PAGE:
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British media: British universities intend to expand the recruitment of international students to "generate income"

Reference News Network reported on January 8 British media said that British universities face the multiple threats of funds, the number of international students enrolled more than the British students.

According to the British Sunday Times website reported on January 6, the number of international students in some of the top universities in the UK will soon exceed that of British students. Under the severe impact of financial factors, the principals have set their sights on the well-funded international students to maintain balance. Sir Andrew Muscatelli, president of the University of Glasgow and chairman of the Russell Alliance, said that top universities may now try to recruit more international students – especially from China and India – to resolve a range of financial difficulties. The Russell University Alliance consists of 24 top universities in the UK.

Muscatelli is considering increasing the proportion of students from the University of Glasgow to EU and overseas to half of the total. He said: Many universities will try to do this because it will be the only way to deal with the sudden drop in income. Professor Michael Arthur, Dean of the University College of London, said that the school may increase the proportion of EU and overseas students to 50% and reduce the proportion of British students in order to face the huge uncertainty of the future of the education industry.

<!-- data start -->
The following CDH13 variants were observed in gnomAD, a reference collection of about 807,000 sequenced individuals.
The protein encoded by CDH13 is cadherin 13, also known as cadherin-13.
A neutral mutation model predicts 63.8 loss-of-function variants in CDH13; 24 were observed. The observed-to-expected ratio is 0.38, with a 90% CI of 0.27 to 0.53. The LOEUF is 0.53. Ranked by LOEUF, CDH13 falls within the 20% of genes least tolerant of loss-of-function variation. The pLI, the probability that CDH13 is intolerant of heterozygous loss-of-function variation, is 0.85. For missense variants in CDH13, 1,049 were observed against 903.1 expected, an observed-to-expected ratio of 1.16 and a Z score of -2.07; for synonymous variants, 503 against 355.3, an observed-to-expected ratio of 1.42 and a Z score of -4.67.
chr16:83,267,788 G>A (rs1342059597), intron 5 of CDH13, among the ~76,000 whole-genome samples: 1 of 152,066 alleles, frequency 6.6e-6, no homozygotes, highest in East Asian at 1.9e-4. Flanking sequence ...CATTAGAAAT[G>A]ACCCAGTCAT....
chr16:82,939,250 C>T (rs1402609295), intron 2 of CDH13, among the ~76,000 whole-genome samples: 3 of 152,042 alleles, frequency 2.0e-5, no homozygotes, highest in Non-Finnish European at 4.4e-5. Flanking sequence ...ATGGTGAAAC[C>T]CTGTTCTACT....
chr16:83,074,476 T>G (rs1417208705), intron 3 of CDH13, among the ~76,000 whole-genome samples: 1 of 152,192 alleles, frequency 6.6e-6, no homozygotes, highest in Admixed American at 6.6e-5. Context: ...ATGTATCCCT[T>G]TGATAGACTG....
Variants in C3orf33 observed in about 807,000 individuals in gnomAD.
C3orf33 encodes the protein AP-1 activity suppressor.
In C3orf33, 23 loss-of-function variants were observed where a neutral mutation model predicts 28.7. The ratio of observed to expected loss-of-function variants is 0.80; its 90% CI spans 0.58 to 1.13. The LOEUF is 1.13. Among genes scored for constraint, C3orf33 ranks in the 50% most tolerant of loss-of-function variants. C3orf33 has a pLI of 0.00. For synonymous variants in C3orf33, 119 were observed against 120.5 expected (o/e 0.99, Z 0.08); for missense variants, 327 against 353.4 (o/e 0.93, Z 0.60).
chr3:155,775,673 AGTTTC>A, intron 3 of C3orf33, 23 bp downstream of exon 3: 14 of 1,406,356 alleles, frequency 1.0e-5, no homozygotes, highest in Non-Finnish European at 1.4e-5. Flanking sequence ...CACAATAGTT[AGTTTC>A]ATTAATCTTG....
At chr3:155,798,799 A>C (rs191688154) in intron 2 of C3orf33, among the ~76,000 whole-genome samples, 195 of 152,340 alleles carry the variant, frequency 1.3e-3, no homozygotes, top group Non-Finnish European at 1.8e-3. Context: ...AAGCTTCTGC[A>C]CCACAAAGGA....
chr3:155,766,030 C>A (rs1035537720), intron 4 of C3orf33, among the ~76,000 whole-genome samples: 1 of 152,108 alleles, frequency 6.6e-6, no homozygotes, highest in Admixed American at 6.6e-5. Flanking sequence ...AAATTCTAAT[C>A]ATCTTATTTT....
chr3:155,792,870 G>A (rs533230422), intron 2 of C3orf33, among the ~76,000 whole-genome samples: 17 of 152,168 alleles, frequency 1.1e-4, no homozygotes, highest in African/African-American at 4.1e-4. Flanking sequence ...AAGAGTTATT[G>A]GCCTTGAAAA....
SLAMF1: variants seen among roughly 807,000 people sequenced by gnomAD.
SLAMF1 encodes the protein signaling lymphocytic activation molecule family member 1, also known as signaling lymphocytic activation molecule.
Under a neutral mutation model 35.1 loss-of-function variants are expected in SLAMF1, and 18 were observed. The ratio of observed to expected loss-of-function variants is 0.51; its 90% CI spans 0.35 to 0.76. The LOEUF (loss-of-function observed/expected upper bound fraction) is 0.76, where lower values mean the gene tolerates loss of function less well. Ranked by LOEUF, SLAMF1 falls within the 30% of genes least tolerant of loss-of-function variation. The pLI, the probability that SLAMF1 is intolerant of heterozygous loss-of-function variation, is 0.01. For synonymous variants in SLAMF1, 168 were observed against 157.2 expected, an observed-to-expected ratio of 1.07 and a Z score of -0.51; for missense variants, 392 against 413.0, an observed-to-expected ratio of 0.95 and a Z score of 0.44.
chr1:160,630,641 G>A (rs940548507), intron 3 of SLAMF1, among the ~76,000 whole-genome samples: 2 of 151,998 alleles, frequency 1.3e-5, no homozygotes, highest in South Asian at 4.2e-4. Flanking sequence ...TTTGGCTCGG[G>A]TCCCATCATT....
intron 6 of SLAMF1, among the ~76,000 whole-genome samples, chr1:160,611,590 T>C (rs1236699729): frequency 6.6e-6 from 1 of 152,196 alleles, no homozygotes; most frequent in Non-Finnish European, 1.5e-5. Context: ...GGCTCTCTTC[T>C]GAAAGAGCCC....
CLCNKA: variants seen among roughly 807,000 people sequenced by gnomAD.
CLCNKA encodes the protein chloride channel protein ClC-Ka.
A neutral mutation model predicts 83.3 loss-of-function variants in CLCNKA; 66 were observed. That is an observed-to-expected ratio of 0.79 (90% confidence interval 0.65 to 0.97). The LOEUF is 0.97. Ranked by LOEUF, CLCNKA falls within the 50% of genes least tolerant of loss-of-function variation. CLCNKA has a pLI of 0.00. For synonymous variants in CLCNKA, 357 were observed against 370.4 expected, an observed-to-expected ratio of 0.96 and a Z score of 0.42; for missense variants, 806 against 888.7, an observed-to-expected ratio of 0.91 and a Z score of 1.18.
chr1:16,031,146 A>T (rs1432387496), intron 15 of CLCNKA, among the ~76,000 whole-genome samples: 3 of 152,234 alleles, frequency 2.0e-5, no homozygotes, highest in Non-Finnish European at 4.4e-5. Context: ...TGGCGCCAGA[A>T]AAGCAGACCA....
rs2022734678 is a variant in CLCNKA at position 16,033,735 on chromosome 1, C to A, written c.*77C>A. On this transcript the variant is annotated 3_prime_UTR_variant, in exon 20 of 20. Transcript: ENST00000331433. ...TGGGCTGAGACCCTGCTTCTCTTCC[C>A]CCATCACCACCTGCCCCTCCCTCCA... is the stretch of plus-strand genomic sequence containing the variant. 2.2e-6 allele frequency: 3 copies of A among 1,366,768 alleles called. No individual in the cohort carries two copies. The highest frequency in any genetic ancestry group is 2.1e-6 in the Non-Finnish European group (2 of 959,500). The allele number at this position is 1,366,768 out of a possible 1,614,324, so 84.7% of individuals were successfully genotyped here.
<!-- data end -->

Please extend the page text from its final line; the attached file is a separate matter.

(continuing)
The University of Exeter has sought to increase the percentage of overseas students by 7%. The president, Sir Steve Smith, said that the university makes money on international students, but it does not make a profit for British students. In London, the London School of Economics and Political Science has more foreign students than British students, two-thirds of whom are from overseas, and Imperial College's foreign students also exceed British students.

Last week, universities received warnings that they were on the verge of a credit crisis. Many universities have borrowed heavily to finance expansion. The UK education industry faces multiple blows: if the UK leaves the EU without a deal, university leaders say it will be disastrous, the UK will be cut by the £1.3 billion EU research fund; in addition, the number of EU students will fall sharply; In addition, the upcoming government assessment is expected to reduce the tuition fees for UK university students to £6,500 a year.

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